Thank you to everyone who joined us for this session!
Our text was the poem “Ode to a Pair of Scissors” by Pablo Neruda, posted below.
Our prompt was: “Write an ode to something common.”
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Please join us for our next session Wednesday, October 7th at 12pm EDT, with more times listed on our Live Virtual Group Sessions page.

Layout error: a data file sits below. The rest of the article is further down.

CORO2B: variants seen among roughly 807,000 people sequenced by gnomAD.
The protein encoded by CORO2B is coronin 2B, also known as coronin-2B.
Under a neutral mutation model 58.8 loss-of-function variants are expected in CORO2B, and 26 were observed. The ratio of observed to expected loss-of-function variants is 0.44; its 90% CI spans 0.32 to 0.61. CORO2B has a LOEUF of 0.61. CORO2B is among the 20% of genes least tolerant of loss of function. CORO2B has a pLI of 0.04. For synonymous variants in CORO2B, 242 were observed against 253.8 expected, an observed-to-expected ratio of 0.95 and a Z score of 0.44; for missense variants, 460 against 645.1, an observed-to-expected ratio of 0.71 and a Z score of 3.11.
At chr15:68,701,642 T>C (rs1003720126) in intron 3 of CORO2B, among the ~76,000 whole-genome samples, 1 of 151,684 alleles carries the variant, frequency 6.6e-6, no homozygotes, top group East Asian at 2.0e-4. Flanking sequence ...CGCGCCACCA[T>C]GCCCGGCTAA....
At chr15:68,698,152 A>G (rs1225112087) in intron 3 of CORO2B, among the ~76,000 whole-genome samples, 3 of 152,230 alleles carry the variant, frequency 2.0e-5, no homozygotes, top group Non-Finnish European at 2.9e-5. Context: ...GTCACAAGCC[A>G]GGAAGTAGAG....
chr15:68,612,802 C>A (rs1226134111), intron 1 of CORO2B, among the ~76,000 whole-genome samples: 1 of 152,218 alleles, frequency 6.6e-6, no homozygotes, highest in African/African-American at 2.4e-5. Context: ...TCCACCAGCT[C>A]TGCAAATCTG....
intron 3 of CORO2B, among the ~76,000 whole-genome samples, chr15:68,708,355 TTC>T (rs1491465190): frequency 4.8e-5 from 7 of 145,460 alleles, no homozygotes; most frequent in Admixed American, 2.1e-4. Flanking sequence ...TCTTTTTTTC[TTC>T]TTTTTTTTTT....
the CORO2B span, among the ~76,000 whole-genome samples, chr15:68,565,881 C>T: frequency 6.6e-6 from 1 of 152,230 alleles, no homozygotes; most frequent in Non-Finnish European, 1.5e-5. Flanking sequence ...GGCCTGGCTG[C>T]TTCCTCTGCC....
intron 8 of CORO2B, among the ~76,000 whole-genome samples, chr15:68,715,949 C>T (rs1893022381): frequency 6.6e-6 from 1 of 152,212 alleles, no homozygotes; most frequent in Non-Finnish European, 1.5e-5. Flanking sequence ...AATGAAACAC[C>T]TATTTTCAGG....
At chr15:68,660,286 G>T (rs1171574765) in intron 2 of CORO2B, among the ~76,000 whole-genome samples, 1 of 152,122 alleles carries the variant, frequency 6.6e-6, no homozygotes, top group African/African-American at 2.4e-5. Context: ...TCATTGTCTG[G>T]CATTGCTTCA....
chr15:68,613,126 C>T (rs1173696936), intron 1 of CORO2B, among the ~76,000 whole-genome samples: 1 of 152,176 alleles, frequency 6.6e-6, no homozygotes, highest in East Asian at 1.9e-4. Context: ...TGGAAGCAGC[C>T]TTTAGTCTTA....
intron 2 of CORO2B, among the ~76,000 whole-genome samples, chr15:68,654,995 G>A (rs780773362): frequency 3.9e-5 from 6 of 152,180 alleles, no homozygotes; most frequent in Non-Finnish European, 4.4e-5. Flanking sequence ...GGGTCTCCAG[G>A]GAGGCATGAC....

"Ode to a Pair of Scissors" by Pablo Neruda Prodigious scissors (looking like birds, or fish), you are as polished as a knight’s shining armor. Two long and treacherous knives crossed and bound together for all time, two tiny rivers joined: thus was born a creature for cutting, a fish that swims among billowing linens, a bird that flies through barbershops. Scissors that smell of my seamstress aunt’s hands when their vacant metal eye spied on our cramped childhood, tattling to the neighbors about our thefts of plums and kisses. There, in the house, nestled in their corner, the scissors crossed our lives, and oh so many lengths of fabric that they cut and kept on cutting: for newlyweds and the dead, for newborns and hospital wards. They cut and kept on cutting, also the peasant’s hair as tough as a plant that clings to rock, and flags soon stained and scorched by blood and flame, and vine stalks in winter, and the cord of voices on the telephone. A long-lost pair of scissors cut your mother’s thread from your navel and handed you for all time your separate existence. Another pair, not necessarily somber, will one day cut the suit you wear to your grave. Scissors have gone everywhere, they’ve explored the world snipping off pieces of happiness and sadness indifferently. Everything has been material for scissors to shape: the tailor’s giant scissors, as lovely as schooners, and very small ones for trimming nails in the shape of the waning moon, and the surgeon’s slender submarine scissors that cut the complications and the knot that should not have grown inside you. Now, I’ll cut this ode short with the scissors of good sense, so that it won’t be too long or too short, so that it will fit in your pocket smoothed and folded like a pair of scissors. Pablo Neruda Ode to Common Things New York: Bullfinch Press: 1994 Translator Ken Krabbenhoft